Macrophage Trafficking, Inflammatory Resolution, and Genomics in Atherosclerosis: JACC Macrophage in CVD Series (Part 2)

Kathryn J. Moore, Simon Koplev, Edward A. Fisher, Ira Tabas, Johan L.M. Björkegren, Amanda C. Doran, Jason C. Kovacic

Research output: Contribution to journalReview articlepeer-review

133 Citations (Scopus)

Abstract

Atherosclerosis is characterized by the retention of modified lipoproteins in the arterial wall. These modified lipoproteins activate resident macrophages and the recruitment of monocyte-derived cells, which differentiate into mononuclear phagocytes that ingest the deposited lipoproteins to become “foam cells”: a hallmark of this disease. In this Part 2 of a 4-part review series covering the macrophage in cardiovascular disease, we critically review the contributions and relevant pathobiology of monocytes, macrophages, and foam cells as relevant to atherosclerosis. We also review evidence that via various pathways, a failure of the resolution of inflammation is an additional key aspect of this disease process. Finally, we consider the likely role played by genomics and biological networks in controlling the macrophage phenotype in atherosclerosis. Collectively, these data provide substantial insights on the atherosclerotic process, while concurrently offering numerous molecular and genomic candidates that appear to hold great promise for selective targeting as clinical therapies.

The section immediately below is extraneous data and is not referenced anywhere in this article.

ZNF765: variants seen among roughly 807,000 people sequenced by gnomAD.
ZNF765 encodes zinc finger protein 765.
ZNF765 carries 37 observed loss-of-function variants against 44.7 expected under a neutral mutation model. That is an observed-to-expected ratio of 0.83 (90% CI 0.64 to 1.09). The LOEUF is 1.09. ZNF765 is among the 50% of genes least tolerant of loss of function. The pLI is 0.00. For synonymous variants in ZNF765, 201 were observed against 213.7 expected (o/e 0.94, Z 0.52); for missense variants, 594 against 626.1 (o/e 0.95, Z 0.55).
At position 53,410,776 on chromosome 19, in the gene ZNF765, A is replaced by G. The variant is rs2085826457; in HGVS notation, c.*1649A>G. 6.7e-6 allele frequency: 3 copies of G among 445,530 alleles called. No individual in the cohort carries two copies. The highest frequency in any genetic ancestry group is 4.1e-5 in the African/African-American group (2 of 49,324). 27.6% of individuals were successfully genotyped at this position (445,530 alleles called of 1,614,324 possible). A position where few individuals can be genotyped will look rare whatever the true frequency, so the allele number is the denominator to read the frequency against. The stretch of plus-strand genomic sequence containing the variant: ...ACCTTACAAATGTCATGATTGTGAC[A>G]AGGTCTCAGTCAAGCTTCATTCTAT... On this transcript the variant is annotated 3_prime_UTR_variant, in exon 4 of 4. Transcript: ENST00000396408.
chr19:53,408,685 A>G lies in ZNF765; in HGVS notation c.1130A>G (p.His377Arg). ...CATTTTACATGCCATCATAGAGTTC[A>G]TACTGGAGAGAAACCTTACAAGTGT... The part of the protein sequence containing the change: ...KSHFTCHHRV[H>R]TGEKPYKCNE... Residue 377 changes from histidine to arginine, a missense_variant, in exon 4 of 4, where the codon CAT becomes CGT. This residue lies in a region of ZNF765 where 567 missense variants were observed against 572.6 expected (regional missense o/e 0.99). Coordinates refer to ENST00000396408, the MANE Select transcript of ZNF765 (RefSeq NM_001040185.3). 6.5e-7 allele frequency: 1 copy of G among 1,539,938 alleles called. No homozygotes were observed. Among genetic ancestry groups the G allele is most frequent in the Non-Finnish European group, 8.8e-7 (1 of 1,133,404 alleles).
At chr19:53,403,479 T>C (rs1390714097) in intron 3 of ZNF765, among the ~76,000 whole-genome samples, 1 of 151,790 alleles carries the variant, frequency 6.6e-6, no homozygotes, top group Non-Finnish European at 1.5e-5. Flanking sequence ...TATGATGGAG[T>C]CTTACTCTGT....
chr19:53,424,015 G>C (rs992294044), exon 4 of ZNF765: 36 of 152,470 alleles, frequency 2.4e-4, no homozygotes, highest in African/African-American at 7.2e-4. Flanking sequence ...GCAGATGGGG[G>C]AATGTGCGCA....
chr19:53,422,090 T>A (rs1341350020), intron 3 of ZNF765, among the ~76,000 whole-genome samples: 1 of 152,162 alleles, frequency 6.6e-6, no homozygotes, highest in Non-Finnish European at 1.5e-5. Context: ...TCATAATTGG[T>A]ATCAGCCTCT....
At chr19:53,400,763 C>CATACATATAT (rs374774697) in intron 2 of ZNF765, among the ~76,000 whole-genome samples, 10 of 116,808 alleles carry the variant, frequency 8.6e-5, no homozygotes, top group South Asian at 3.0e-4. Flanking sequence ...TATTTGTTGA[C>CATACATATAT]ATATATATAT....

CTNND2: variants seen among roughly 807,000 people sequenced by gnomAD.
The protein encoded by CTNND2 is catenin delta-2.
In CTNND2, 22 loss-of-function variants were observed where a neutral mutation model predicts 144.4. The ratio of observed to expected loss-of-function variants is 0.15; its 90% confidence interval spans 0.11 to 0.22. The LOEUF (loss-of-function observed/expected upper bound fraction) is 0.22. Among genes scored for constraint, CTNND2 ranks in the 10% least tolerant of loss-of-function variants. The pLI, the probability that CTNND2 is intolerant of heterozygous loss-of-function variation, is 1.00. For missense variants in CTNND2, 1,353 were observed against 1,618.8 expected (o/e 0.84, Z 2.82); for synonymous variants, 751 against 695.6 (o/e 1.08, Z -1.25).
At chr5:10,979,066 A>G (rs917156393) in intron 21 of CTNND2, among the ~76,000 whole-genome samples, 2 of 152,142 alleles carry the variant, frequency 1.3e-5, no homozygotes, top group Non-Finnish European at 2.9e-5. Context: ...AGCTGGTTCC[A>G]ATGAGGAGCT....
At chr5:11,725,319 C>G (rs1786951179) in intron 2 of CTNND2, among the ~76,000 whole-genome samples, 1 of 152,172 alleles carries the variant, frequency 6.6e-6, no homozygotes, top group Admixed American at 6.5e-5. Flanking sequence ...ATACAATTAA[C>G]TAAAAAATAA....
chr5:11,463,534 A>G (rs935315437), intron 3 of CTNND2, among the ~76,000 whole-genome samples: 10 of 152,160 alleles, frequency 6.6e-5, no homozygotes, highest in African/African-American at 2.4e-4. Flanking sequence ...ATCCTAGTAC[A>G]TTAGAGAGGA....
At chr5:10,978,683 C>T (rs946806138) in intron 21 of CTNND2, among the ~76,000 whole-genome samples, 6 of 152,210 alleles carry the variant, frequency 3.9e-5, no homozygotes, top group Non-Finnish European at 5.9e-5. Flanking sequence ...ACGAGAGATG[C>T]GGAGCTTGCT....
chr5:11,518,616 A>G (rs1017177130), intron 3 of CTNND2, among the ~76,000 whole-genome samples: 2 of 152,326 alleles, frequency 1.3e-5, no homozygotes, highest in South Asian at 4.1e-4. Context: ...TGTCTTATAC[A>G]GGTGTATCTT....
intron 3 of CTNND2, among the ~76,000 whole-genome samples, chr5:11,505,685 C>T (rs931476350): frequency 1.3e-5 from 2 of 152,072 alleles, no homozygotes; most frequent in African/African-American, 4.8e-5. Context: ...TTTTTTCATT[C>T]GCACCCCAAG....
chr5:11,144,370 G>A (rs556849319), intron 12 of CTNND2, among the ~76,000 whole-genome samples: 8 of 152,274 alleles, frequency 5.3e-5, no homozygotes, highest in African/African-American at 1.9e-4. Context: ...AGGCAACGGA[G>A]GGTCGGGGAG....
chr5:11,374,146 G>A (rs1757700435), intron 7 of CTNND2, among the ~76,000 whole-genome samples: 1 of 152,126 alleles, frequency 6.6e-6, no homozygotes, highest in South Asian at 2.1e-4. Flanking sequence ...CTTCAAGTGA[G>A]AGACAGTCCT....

Original languageEnglish
Pages (from-to)2181-2197
Number of pages17
JournalJournal of the American College of Cardiology
Volume72
Issue number18
DOIs
Publication statusPublished - 30 Oct 2018
Externally publishedYes

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